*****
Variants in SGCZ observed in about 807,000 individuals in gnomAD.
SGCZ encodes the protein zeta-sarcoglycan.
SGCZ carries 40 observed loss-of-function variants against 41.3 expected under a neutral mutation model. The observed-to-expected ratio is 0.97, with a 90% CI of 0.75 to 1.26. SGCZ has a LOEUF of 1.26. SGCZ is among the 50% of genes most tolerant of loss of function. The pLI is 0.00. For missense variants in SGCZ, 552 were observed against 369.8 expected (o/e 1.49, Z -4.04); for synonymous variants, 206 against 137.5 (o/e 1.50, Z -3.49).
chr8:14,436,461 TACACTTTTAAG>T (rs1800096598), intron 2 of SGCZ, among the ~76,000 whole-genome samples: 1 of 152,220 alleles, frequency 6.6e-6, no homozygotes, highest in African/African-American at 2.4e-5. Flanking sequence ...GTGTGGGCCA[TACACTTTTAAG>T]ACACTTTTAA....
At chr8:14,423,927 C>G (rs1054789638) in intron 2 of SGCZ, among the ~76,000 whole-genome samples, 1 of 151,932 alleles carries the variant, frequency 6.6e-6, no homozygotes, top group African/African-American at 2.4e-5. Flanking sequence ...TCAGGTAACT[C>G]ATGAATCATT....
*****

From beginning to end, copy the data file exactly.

Variants in SGCZ observed in about 807,000 individuals in gnomAD.
SGCZ encodes the protein zeta-sarcoglycan.
SGCZ carries 40 observed loss-of-function variants against 41.3 expected under a neutral mutation model. The observed-to-expected ratio is 0.97, with a 90% CI of 0.75 to 1.26. SGCZ has a LOEUF of 1.26. SGCZ is among the 50% of genes most tolerant of loss of function. The pLI is 0.00. For missense variants in SGCZ, 552 were observed against 369.8 expected (o/e 1.49, Z -4.04); for synonymous variants, 206 against 137.5 (o/e 1.50, Z -3.49).
chr8:14,436,461 TACACTTTTAAG>T (rs1800096598), intron 2 of SGCZ, among the ~76,000 whole-genome samples: 1 of 152,220 alleles, frequency 6.6e-6, no homozygotes, highest in African/African-American at 2.4e-5. Flanking sequence ...GTGTGGGCCA[TACACTTTTAAG>T]ACACTTTTAA....
At chr8:14,423,927 C>G (rs1054789638) in intron 2 of SGCZ, among the ~76,000 whole-genome samples, 1 of 151,932 alleles carries the variant, frequency 6.6e-6, no homozygotes, top group African/African-American at 2.4e-5. Flanking sequence ...TCAGGTAACT[C>G]ATGAATCATT....